Abstract

In some of Iranian oil reservoirs gas is injected for pressure maintenance as well as displacement of oil by gas. In some of these fields, it comes to a premature breakthrough of injected gas due to high permeability in some regions of the reservoir or because of the geometry of the reservoir.

Foam injection appears to be a promising tool in solving the problem with thief zones and low recovery from EOR methods such as immiscible gas injection in Iranian oil reservoirs. It can also mitigate the effect of gravity override and achieve increased displacement efficiency in these reservoirs.

Introduction

Field application of foam is becoming a proven technology, surfactant costs withstanding, to control the mobility of gaseous phases in porous media. Foam has been employed in large number of documented field trials world wide [1].

Typical applications span from steam and co2 foam to alleviate gravity override and channeling, production well treatments to reduce GOR, to gelled-foams for long-lasting plugging of high permeability channels. Foam processes have also been studied and field tested for use as groundwater aquifer clean up methods [1].

Foam has been employed in more than 30 documented field trials world wide, mainly in the USA. In the North Sea, foam has been tested in production well treatments both on the Oseberg field and on the Snorre field in the Norwegian sector, and on the Beryl-field in the British sector. Late in 1998, a large injector treatment started on Snorre, involving injection of almost 1000 tonnes surfactant [2].

In the present work, foam is injected into the reservoir and then using a field-scale simulation study, we investigate the effect of foam injection on gas mobility and oil recovery improvement. The obtained results reveal a significant incremental recovery. Gas breakthrough is also retarded remarkably.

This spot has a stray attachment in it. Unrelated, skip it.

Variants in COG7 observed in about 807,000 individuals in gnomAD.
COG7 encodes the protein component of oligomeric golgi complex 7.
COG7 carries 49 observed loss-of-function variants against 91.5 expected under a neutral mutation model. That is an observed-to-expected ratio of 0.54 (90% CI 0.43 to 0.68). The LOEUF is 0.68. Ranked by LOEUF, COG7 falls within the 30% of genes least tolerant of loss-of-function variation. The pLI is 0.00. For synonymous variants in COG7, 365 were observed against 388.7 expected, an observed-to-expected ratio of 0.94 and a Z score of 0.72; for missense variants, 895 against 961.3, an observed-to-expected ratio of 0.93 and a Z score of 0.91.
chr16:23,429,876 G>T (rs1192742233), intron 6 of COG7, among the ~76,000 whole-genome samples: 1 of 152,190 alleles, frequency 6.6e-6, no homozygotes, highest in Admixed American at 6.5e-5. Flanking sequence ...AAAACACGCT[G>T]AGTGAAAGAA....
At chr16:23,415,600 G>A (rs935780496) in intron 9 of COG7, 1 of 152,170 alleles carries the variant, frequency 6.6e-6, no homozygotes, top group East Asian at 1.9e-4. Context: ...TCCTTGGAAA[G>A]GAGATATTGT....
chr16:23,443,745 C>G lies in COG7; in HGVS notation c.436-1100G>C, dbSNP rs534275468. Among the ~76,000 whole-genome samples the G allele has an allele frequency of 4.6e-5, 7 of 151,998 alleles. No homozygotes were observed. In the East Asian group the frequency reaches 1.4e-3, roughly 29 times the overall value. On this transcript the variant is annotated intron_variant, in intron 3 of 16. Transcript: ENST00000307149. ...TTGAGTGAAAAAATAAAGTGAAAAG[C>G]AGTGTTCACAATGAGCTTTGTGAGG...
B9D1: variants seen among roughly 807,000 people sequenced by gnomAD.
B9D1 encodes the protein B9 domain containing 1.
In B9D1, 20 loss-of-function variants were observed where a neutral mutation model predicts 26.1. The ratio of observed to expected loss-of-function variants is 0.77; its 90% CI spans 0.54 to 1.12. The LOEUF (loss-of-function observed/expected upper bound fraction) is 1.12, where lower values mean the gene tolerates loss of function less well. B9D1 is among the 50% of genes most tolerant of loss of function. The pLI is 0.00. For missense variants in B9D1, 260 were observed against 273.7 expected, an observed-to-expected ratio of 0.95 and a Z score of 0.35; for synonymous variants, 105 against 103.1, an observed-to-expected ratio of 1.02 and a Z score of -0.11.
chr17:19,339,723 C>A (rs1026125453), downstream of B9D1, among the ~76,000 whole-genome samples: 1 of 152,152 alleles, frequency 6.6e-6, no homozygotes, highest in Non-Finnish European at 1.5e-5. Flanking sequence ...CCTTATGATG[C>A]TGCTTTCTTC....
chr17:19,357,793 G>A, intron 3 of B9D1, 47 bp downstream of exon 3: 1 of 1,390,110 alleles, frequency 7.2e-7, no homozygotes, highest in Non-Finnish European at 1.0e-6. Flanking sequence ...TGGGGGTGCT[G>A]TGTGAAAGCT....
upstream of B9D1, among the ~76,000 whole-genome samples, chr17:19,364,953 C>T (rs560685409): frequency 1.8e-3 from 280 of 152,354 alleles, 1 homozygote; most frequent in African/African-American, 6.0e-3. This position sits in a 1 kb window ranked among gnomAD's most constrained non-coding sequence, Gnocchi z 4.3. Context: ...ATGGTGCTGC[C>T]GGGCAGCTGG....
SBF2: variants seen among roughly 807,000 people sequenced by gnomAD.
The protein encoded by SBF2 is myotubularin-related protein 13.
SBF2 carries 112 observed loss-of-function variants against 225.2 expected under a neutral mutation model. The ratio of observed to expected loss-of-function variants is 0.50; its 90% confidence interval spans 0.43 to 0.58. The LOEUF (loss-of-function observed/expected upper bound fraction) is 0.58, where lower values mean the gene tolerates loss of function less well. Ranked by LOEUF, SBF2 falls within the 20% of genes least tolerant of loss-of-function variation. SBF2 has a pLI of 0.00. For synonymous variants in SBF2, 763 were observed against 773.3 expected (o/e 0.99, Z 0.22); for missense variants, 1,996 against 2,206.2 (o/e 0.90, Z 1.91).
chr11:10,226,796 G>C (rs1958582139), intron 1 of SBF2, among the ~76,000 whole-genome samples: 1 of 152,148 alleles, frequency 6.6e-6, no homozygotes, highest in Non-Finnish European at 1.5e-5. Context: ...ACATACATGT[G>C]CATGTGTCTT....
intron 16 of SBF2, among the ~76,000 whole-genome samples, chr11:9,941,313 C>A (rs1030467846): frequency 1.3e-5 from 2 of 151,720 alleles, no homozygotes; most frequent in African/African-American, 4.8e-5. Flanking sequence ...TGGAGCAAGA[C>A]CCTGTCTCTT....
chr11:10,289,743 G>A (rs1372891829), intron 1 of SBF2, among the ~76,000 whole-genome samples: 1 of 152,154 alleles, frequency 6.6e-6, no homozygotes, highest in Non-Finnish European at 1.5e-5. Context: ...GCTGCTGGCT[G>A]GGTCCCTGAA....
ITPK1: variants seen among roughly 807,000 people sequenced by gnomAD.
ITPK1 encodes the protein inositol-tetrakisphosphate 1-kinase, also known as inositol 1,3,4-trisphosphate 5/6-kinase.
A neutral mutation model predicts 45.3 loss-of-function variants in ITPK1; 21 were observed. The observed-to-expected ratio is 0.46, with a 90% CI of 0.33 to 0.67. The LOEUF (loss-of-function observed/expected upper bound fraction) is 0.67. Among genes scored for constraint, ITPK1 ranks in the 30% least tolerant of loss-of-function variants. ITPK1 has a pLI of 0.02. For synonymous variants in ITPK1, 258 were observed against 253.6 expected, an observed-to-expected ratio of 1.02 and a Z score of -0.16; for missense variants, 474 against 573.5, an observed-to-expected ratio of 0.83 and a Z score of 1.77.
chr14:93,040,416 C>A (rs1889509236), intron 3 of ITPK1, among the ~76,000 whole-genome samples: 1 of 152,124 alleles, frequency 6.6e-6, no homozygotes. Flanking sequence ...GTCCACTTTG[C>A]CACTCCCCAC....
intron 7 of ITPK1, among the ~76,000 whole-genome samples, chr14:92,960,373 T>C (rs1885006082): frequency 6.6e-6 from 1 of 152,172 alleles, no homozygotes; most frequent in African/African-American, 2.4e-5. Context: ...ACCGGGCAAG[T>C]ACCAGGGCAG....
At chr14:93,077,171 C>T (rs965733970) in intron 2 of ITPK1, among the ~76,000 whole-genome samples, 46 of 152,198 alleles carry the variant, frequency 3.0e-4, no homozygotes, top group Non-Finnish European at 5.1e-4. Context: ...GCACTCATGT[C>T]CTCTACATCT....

Geological Overview of the Field

The M field was discovered in 1962/63 and subsequent drilling has confirmed two reservoirs (Asmari and Bangestan). This simulation study is concerned only with the shallower Asmari reservoir.

It was put on production in 1974. A total of 47 wells have now been drilled on the field, of which 12 are dedicated to producing the Asmari reservoir and one well utilized as an observation well.

The Asmari formation is recognized as a regionally extensive geological unit, and it is known to contain a number of large oil accumulations; one of these is located at M field. Despite some complex reservoir lithology, there is good evidence of pressure communication within the Asmari between some of the different accumulations around the Ahwaz area. This is associated with a strong subsurface aquifer system.

The structure is a northwest-southeast trending asymmetric anticline. It is defined by seismic with no surface expression, and it is located on the Khuzestan plain. This area slopes gently at a rate of 1 m in 5 km to the southwest between Ahwaz and Khorramshahr. The M structure is located some 60 km north of the Persian Gulf.

The Asmari structure covers an area 42 x 5.5 km at the mapped spill point (around 2,400 mss). The hydrocarbon- bearing reservoir covers an area 30 x 3 km with the reservoir crest located at 2,144 mss.

The M structure has a dip of 6 to 8° and 5 to 6° on the northeast and southwest flanks respectively. However, the dip decreases toward the southeastern and northwestern extremities.

The first field study for the Asmari was prepared by BP in 1974 using 3 wells. That study divided the Asmari into 5 units.

  • Zone 1: Upper carbonate

  • Zone 2: Upper sandstone

  • Zone 3: Middle carbonate

  • Zone 4: Lower sandstone

  • Zone 5: Lower carbonate

In 1978 Shir Mohammadi reviewed the reservoir and separated it into 8 zones. Zones 1, 6 and 8 were mainly carbonate whereas Zones 2, 3, 4 and 5 were mainly sandstone, and Zone 7 was locally sandy.

Zone 1: Carbonate rocks.

Zone 2: Sandstone (mainly).

This content is only available via PDF.
You can access this article if you purchase or spend a download.